Tuscany Wharf (15km to San Gimignano) (oil on canvas, 2010 © Nicholas de Lacy-Brown)

© Nicholas de Lacy-Brown and The Daily Norm, 2001-2012. Unauthorized use and/or duplication of the material, whether written work, photography or artwork, included within The Daily Norm without express and written permission from The Daily Norm’s author and/or owner is strictly prohibited. Excerpts and links may be used, provided that full and clear credit is given to Nicholas de Lacy-Brown and The Daily Norm with appropriate and specific direction to the original content.

 

January blues? Dream of the summer

There is only one way to get through these cold winter days, bleak and grey as it was in London today. Either book a summer holiday, or dream of one. Or better still, create summer in your home. Christmas is over, New Year is done. What else do we have to look forward to? With this rather depressing thought in mind, I went about stimulating each of my senses with the promise of a forthcoming 2012 summer.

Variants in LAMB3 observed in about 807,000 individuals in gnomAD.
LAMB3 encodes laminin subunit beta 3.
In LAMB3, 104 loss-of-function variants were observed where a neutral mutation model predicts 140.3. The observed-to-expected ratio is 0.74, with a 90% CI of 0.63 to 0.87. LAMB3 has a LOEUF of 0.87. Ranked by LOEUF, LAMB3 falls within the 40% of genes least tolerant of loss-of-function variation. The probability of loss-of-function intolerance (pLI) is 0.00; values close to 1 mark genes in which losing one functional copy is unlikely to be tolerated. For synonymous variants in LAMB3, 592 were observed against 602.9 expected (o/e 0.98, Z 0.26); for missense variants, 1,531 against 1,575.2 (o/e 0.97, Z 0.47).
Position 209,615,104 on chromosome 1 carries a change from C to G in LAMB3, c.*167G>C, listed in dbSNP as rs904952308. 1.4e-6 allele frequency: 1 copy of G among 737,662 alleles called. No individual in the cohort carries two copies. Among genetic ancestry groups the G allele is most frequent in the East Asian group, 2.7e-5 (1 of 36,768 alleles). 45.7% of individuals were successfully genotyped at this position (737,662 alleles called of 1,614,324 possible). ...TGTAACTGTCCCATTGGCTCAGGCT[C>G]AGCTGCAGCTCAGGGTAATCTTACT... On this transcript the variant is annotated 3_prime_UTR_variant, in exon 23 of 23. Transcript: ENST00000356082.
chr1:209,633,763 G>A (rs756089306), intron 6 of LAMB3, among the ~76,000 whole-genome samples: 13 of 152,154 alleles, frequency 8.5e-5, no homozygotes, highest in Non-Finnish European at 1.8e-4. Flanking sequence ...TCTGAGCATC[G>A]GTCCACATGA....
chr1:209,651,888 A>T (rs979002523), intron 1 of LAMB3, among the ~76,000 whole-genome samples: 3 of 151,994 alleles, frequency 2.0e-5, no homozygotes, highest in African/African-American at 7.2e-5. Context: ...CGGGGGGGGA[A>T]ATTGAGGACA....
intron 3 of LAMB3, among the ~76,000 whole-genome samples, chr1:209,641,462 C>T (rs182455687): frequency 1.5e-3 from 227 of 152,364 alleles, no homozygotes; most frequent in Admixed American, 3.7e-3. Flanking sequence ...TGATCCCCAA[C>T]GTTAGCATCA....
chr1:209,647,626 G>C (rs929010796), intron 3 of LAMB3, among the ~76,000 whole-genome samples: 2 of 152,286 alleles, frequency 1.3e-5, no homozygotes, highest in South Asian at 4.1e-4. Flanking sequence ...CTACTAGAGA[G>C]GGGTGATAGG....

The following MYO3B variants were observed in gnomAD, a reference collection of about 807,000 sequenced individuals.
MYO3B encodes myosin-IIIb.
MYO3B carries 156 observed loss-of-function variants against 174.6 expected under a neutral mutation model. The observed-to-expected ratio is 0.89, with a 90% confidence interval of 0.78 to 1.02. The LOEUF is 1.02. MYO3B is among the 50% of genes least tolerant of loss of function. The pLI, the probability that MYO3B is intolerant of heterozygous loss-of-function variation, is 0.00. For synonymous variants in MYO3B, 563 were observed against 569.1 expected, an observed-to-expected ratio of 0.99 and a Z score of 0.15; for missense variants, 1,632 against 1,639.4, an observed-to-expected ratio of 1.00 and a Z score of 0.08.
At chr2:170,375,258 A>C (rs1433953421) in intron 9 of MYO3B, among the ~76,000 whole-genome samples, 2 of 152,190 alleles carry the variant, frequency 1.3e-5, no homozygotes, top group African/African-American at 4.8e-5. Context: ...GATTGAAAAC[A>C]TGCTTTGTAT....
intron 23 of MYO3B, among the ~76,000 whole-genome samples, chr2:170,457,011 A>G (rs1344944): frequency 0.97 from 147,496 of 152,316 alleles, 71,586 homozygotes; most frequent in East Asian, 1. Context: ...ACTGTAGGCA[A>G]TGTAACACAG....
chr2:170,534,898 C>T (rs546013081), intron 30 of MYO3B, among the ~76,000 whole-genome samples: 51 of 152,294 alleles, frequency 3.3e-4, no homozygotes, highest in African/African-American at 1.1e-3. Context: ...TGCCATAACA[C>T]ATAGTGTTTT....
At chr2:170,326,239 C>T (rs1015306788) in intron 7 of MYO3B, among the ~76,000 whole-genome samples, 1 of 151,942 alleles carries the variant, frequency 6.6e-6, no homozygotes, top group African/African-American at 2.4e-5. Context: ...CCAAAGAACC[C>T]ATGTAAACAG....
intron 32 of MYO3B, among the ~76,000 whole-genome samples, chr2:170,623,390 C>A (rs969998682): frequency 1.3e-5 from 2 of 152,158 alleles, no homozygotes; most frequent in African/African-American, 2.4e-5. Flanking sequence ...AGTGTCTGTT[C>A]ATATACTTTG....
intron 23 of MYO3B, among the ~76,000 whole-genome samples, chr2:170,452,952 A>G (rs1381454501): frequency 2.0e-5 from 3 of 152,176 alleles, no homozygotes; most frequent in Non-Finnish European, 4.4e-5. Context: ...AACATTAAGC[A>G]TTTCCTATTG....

Beloved Cappuccino... this one in Mallorca's Port d'Andratx

Ears: on the CD player, I played the albums of Cappuccino, the ultimate in Buddah-bar cool, emanating from the chic Mallorcan coffee chain, its music reminding me of long evenings spent under the stars in the Marbella version of the cafe chain, cicadas chirping and the warm mediterranean waves lapping upon the sandy shore as I drank wine and ate almond tart. The second and third senses crying out for satisfaction are smell and taste, and what could be better now than to put away the spicy Christmas chutneys and dried up cold meats, and open a good old Spanish cook book. Entering my third day of a Spanish festival of cooking, today it was Andalucian spiced stuffed aubergines, patatas bravas and a good rioja, the summer smells of cooking garlic and a spiced tomato bravas sauce pervading the cold winter air of my flat.